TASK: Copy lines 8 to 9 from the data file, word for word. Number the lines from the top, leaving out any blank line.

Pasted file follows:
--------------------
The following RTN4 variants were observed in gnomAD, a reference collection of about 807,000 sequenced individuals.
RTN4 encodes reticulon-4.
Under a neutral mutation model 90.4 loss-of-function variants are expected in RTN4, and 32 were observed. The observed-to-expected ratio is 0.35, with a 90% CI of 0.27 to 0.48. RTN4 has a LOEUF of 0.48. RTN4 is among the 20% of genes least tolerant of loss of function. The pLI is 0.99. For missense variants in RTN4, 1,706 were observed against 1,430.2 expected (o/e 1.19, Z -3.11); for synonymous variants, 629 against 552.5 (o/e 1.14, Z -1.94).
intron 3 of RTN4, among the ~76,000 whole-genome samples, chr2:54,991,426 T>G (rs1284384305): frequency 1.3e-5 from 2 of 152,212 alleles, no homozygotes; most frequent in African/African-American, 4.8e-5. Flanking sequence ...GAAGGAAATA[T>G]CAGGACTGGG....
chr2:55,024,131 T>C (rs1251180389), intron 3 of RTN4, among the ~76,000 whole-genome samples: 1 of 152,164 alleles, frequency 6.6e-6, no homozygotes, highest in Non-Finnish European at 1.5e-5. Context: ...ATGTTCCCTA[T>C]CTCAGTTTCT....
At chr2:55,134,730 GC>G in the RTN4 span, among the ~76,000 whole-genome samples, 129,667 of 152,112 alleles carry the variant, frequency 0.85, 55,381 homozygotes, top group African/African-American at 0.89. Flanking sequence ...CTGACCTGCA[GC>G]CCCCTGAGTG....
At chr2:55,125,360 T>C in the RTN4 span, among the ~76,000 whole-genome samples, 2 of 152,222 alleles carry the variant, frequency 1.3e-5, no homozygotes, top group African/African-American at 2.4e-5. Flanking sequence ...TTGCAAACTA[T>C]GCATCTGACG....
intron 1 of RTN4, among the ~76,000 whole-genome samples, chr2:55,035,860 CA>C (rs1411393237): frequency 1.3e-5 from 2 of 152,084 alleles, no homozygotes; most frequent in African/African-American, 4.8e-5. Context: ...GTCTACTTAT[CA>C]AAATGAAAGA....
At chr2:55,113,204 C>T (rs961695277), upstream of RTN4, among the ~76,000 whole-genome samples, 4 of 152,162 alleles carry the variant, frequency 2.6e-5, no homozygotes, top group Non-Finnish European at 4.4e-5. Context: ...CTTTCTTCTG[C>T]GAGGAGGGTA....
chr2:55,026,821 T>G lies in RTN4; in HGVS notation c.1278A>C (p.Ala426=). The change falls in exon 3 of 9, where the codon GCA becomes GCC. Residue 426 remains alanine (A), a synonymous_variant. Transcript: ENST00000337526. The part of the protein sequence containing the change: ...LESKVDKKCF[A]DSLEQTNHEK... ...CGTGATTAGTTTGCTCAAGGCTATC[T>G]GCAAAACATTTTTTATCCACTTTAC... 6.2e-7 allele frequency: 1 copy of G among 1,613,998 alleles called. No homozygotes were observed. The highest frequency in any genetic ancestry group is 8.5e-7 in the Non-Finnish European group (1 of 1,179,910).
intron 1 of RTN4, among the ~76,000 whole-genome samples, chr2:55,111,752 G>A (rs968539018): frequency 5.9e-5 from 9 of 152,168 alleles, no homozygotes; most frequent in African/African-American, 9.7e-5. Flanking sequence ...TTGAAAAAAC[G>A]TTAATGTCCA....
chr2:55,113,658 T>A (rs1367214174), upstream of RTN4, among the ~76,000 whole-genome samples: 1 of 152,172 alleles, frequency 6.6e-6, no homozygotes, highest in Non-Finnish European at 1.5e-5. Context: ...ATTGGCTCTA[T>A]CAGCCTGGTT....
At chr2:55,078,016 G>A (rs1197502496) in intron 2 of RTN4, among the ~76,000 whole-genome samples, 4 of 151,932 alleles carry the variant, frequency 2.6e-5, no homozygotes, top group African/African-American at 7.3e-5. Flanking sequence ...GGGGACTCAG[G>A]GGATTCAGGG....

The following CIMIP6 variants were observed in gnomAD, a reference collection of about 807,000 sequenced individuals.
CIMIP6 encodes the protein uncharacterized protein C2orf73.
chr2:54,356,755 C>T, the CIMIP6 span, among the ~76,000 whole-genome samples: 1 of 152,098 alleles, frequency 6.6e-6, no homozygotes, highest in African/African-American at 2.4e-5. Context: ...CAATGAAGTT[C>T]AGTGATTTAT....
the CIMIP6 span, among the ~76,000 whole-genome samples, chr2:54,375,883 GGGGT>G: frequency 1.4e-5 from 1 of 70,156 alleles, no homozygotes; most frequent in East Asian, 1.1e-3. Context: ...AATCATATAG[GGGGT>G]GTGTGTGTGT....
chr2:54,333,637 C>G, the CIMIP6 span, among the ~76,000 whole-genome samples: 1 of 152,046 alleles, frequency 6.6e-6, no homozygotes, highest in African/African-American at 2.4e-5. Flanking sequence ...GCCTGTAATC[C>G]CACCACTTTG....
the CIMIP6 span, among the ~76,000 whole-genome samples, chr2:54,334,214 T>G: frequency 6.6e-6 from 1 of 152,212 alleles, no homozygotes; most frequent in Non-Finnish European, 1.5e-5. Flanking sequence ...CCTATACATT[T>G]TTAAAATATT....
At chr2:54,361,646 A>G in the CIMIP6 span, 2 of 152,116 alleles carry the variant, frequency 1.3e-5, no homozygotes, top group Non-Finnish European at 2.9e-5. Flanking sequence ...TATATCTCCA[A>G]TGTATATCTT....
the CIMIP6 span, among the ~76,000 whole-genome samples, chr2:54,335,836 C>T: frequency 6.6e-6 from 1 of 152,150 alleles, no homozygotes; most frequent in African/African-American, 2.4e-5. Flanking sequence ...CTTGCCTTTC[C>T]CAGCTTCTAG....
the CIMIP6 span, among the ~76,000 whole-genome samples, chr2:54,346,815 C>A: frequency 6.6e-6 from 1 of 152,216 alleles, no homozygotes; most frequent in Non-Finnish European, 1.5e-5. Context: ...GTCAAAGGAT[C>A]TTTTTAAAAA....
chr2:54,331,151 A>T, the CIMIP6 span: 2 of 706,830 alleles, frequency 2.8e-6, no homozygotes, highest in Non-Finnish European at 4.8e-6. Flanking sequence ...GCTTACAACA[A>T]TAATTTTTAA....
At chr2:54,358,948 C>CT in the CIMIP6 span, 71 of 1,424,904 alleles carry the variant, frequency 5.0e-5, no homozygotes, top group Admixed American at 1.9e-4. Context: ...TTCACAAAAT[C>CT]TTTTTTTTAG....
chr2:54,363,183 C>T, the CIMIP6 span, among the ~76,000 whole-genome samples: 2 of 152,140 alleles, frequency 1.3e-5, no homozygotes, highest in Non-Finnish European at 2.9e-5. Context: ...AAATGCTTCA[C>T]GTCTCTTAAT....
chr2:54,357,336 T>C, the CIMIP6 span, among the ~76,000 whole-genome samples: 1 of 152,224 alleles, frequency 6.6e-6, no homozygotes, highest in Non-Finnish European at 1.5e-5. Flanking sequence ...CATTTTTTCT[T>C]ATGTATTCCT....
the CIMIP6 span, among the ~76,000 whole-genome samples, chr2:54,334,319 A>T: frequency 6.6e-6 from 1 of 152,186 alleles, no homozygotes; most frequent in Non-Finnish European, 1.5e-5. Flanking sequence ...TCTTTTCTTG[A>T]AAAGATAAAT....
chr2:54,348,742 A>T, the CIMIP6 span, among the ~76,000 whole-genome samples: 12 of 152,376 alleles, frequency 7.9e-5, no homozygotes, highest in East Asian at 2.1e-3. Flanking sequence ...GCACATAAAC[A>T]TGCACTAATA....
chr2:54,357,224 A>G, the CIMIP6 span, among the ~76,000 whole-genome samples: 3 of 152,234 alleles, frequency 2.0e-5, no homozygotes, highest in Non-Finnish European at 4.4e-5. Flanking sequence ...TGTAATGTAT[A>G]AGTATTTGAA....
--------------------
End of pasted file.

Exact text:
intron 1 of RTN4, among the ~76,000 whole-genome samples, chr2:55,035,860 CA>C (rs1411393237): frequency 1.3e-5 from 2 of 152,084 alleles, no homozygotes; most frequent in African/African-American, 4.8e-5. Context: ...GTCTACTTAT[CA>C]AAATGAAAGA....
At chr2:55,113,204 C>T (rs961695277), upstream of RTN4, among the ~76,000 whole-genome samples, 4 of 152,162 alleles carry the variant, frequency 2.6e-5, no homozygotes, top group Non-Finnish European at 4.4e-5. Context: ...CTTTCTTCTG[C>T]GAGGAGGGTA....